Study finds benefits of being selfish

Correction: An earlier version of this article reported that the study claimed that individuals “who act in their own self-interest are more likely to gain prestige and leadership recognition”; in fact, the study concluded that individuals who act in their own self-interest are more likely to gain “dominance” and leadership recognition, not “prestige.” Also, the study concluded that individuals who show self-interest are more likely to be perceived as showing “dominance,” not exemplifying “prestige.”

Individuals who act in their own self-interest are more likely to gain dominance and leadership recognition than those who exhibit altruistic characteristics, according to a recent study.

Stanford’s Graduate School of Business (GSB) collaborated with Northwestern University’s Kellogg School of Management and Carnegie Mellon University’s Tepper School of Business on the report, which was published in the Journal of Personality and Social Psychology.

Robert Livingston, co-author of the study and an assistant professor at Kellogg, wrote in an email to The Daily that the collaboration between these three business schools sprung out of personal friendships and similar academic interests. He said the researchers conducted all of their three experiments at the behavioral lab at Stanford’s GSB.

“One might think that generosity would be a virtue (and selfishness a bane) for people who are aspiring to be elevated to high positions of authority and power by others,” Livingston wrote. Instead, the study found the opposite was true.

According to Livingston, their research sought to explore how an individual’s contribution to a group would affect teammates’ perceptions of him or her. He said individuals who more frequently acted in their self-interest were perceived as having higher dominance within the group — even over those who contributed often to the team

The study also asked participants — called intergroup members — to choose a leader whom they felt would be best in one of two different situations. According to the report, the situations were designed to be either more “cooperative” or “competitive” in nature.

The “cooperative” test asked intergroup members to choose a leader who would allocate resources while the “competitive” test asked the members to choose a leader who would help them in competition against a rival out-group.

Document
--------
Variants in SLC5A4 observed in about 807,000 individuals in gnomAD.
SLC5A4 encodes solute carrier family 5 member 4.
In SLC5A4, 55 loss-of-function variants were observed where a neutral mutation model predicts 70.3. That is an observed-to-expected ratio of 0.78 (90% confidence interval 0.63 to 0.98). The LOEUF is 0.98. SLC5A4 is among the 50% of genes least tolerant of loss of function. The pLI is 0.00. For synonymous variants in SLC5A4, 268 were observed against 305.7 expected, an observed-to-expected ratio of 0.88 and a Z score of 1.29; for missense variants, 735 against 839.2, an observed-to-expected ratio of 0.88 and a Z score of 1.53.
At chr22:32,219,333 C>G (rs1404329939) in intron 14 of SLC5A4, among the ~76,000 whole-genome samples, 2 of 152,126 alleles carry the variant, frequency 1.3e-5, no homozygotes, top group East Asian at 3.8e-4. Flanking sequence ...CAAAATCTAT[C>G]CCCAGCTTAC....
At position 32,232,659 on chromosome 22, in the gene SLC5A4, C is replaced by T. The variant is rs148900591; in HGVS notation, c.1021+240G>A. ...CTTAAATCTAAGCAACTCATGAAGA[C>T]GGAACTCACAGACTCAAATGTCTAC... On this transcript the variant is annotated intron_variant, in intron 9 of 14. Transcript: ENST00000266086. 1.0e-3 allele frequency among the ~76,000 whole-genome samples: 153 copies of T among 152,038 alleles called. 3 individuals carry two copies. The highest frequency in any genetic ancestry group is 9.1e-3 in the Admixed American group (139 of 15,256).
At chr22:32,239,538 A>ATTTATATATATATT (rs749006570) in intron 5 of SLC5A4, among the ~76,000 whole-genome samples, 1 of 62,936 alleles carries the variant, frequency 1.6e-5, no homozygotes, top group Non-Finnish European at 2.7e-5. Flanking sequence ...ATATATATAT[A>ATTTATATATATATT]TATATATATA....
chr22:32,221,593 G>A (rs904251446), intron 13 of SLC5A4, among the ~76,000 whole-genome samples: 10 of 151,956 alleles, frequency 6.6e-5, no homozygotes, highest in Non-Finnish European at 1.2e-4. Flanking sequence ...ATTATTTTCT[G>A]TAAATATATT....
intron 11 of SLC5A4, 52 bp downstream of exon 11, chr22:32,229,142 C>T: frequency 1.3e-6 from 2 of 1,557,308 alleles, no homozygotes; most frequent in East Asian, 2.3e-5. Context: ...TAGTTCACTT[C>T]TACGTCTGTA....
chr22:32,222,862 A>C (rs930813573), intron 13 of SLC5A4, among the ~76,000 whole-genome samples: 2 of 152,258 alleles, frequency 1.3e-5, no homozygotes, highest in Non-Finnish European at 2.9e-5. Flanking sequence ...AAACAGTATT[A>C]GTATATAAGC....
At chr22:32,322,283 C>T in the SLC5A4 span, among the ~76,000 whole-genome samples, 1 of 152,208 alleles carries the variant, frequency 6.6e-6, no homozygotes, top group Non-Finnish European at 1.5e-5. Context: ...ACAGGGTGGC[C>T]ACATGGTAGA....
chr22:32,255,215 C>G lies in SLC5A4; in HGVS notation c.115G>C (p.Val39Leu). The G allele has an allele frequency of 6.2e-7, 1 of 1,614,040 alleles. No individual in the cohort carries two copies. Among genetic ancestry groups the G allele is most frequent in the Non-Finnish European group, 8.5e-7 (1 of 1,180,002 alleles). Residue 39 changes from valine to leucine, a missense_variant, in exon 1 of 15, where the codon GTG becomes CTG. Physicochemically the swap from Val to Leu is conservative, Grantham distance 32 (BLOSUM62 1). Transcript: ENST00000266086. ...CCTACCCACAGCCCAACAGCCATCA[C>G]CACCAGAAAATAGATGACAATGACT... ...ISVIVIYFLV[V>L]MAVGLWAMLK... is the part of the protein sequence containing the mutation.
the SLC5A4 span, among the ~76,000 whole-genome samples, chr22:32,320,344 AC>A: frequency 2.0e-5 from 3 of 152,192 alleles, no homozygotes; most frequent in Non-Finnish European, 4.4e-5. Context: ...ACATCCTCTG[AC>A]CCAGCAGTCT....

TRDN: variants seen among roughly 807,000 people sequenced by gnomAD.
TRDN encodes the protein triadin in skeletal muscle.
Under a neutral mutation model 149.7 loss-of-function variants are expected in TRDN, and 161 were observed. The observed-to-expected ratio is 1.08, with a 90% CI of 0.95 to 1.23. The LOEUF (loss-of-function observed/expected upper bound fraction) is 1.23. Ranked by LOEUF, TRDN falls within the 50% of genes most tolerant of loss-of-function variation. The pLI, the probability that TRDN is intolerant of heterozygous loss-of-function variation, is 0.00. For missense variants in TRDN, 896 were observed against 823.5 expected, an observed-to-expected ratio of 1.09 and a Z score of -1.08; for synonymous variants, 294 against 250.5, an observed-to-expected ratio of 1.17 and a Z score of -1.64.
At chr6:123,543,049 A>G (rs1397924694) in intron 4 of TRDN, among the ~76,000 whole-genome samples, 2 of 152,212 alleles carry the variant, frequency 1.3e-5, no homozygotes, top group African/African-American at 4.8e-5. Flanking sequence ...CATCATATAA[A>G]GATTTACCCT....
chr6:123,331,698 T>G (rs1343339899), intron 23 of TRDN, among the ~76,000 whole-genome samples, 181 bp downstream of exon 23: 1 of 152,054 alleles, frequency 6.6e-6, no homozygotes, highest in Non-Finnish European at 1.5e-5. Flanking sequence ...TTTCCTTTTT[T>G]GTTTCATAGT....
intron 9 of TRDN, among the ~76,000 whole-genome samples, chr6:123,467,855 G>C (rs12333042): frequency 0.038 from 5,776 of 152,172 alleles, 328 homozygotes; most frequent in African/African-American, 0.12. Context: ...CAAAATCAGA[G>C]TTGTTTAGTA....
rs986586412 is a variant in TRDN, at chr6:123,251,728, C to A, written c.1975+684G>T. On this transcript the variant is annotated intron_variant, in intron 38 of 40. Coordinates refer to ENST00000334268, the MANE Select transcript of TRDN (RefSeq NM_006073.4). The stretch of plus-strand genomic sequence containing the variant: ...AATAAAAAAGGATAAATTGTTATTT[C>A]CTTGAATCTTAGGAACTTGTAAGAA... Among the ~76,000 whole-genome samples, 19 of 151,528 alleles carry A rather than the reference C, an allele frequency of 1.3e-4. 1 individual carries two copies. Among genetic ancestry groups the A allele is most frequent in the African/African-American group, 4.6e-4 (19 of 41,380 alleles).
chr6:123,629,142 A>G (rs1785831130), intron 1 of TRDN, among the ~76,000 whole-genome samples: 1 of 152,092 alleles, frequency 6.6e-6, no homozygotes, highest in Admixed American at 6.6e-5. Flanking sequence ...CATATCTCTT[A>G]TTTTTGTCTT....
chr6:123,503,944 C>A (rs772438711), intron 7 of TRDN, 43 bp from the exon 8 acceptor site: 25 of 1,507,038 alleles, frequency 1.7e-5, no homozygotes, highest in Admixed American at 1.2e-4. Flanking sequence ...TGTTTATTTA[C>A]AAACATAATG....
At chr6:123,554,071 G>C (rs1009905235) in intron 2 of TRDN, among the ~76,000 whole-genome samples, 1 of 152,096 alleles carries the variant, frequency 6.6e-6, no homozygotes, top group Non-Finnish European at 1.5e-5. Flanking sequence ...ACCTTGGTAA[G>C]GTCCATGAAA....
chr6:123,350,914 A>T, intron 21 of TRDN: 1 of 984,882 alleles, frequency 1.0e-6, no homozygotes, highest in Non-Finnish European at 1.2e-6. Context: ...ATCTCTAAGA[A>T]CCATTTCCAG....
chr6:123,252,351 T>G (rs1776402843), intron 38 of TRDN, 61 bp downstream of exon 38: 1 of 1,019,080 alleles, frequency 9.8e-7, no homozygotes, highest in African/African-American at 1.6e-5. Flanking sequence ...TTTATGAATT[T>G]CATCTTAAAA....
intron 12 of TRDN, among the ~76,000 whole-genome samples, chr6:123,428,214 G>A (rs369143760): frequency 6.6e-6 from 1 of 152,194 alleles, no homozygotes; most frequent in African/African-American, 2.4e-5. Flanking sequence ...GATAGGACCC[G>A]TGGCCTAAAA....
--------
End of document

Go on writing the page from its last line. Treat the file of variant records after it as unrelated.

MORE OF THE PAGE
“These experiments demonstrate that the leaders that people want vary as a function of the intergroup situation,” wrote Nir Halevy, co-author of the study and GSB assistant professor, in an email to The Daily. He said that the qualities teammates seek in a leader change depending on the circumstance.

Halevy also said that these findings are universally applicable and could shine more light on how a system of leadership develops, whether in offices or on the reality show “Survivor.”

He said the study also explored the relationship between those who are in an in-group and those who are in an out-group within a society.

“One interesting finding was that generosity toward out-group members does not lead to respect and admiration in the eyes of others,” Halevy said. “In fact, it led to lower levels of prestige compared to showing generosity toward in-group members only.”

Halevy added that these findings should by no means discourage people in the process of climbing the ladder to show generosity — they simply explain the behavioral tendencies of individuals operating in a competitive atmosphere.

According to Halevy, the study’s co-authors have many ideas about where to take their research next. For instance, he said the study leaves areas open for examination, such as the extent to which “aspiring leaders strategically display behaviors that can boost their prestige or dominance, depending on the group context.”

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